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Lesson 4
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I.       Observation

A.     Outline

Healing A Paralytic (2:1-12)

Jesus teaches a crowd (1-2)

Four men lower a paralytic down from the roof (3-4)

Jesus forgives the paralytic’s sins (5)

The scribes grumble (6-7)

Jesus rebuffs the teachers and heals the paralytic (8-12)

Calling the Sinners (2:13-17)

Jesus teaches a crowd (13)

Jesus calls Matthew and eats with the tax collectors and sinners (14-15)

The scribes grumble (16)

Jesus rebuffs the teachers (17)

B.     Key Words/Phrases

Crowd, preached, teach, sick, physician, righteous, sinners

II.    General Analysis

1.   There is a similar pattern:

      1. Jesus teaches a crowd.

      2. Jesus shows His compassion and power to sinners (to the paralytic and to Levi/Matthew and the tax collectors).

      3. The scribes accuse Jesus of a serious violation (blasphemy, and eating with sinners).

      4. Jesus immediately rebuffs the teachers.

III. Segment Analysis

1a. Jesus—He preached the word.

1b. Crowd—They came to see Jesus, perhaps to seek healing and miracles (Mk 1:32), perhaps to listen to the word of God.

1c. Scribes—They probably to judge Jesus, to see why he was drawing a crowd (6).

2a. The crowd inside and outside the door (2, 4), the scribes sitting inside (6), the roof (4)

2b. The crowd must have noticed the four men carrying the paralytic. They could have moved out of the way. Someone could have passed a message to Jesus. However, no one did. They only thought about seeing Jesus themselves. The scribes were there to pass judgment on Jesus, and basically took a space away from someone who truly wanted to hear the word.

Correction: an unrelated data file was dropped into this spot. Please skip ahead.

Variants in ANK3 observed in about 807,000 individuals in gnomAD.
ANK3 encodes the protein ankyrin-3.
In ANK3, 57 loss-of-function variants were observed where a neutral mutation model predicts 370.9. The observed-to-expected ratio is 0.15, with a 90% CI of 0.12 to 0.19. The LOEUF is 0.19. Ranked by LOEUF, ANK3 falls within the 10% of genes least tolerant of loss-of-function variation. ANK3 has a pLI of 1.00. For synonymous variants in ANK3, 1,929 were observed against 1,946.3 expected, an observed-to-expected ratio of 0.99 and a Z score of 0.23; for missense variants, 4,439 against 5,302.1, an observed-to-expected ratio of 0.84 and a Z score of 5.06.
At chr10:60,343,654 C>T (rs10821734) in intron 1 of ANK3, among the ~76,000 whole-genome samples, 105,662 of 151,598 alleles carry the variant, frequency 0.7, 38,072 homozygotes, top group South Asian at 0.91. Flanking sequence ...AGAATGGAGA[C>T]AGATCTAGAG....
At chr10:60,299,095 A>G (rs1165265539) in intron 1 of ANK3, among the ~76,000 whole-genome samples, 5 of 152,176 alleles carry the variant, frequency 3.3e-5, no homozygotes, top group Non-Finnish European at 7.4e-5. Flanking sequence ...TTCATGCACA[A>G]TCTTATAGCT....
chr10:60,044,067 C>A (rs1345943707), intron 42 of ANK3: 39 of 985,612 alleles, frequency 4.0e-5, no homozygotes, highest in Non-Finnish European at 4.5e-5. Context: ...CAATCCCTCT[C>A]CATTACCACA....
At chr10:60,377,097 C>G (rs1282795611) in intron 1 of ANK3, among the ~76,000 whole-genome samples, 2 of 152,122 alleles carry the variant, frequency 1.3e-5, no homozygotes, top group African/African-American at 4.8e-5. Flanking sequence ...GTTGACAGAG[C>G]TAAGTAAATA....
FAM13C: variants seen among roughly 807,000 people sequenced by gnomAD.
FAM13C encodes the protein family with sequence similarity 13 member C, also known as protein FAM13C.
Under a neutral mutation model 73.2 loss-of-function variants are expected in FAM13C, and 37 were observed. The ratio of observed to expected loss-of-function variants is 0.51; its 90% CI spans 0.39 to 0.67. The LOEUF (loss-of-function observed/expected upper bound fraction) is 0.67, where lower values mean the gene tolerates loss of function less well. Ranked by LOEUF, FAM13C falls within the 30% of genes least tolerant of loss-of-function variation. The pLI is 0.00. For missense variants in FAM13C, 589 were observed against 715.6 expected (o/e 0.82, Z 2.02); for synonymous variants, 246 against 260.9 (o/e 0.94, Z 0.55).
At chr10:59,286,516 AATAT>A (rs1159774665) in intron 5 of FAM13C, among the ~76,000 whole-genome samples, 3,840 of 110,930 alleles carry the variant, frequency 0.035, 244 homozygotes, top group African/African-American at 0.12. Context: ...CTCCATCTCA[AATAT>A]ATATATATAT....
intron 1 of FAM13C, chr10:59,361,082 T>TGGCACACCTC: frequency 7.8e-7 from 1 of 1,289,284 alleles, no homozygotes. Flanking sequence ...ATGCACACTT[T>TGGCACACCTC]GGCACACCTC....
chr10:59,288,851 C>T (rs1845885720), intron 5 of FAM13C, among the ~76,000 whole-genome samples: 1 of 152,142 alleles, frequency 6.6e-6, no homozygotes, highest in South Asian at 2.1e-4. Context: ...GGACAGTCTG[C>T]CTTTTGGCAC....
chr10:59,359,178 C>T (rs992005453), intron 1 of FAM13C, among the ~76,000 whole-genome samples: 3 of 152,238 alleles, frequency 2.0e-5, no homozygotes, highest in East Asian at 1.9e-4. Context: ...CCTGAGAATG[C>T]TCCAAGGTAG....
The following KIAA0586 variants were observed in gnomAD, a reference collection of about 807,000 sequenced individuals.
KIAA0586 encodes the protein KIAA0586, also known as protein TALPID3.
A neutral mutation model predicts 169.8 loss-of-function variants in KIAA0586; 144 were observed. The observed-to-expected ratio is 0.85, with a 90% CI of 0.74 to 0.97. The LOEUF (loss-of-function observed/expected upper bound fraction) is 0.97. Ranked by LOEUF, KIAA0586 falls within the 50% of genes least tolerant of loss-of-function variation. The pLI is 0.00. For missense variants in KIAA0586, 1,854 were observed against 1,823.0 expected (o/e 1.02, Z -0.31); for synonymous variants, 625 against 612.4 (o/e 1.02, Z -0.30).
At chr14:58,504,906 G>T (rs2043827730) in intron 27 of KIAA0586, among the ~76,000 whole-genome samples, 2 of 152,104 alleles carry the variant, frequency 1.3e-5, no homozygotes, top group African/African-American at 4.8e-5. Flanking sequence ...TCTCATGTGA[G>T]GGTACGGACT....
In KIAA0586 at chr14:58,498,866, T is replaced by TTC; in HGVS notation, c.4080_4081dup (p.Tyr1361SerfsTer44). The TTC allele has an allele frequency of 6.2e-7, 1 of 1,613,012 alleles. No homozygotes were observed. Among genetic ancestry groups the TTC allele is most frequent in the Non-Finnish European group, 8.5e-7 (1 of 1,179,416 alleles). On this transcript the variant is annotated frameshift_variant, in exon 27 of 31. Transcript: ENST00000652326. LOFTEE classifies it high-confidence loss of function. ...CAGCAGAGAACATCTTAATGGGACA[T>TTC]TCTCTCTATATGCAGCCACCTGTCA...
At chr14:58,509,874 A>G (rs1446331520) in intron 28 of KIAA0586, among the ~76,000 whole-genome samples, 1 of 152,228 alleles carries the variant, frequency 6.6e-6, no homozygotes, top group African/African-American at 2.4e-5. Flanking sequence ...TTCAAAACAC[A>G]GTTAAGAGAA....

3a. The fact that Jesus forgave the paralytic’s sins is an indirect proof that he had faith, because we are justified by our faith (Rom 3:28). Also, the paralytic remained silent throughout, and simply obeyed Jesus (11-12). He saw the faith of his four friends and let them help him. The four men did not give up, in spite of the obstacles (many people blocked their way; they also must have need to find ropes to lower the paralytic). They even risked upsetting the owner of the house and the crowd by taking apart the roof and making a commotion by lowering the paralytic into the house.

3c. Just as the four men’s faith played a part in the healing, our faith in the Lord is also essential in allowing the people we bring to Christ experience God’s grace. The Lord not only looks at the faith of the person in need, but also the faith of those who help this person. So we ought to trust and believe in God’s mercy and power when we are helping someone in need.

The actions that accompanied these four men’s faith are truly remarkable. Because of their faith, they were willing to go through all that trouble to bring the paralytic to Jesus. Likewise, our faith is demonstrated when we are willing to invest our time, money, thoughts, and energy in helping the spiritual needs of others. God recognizes and responds to this kind of faith.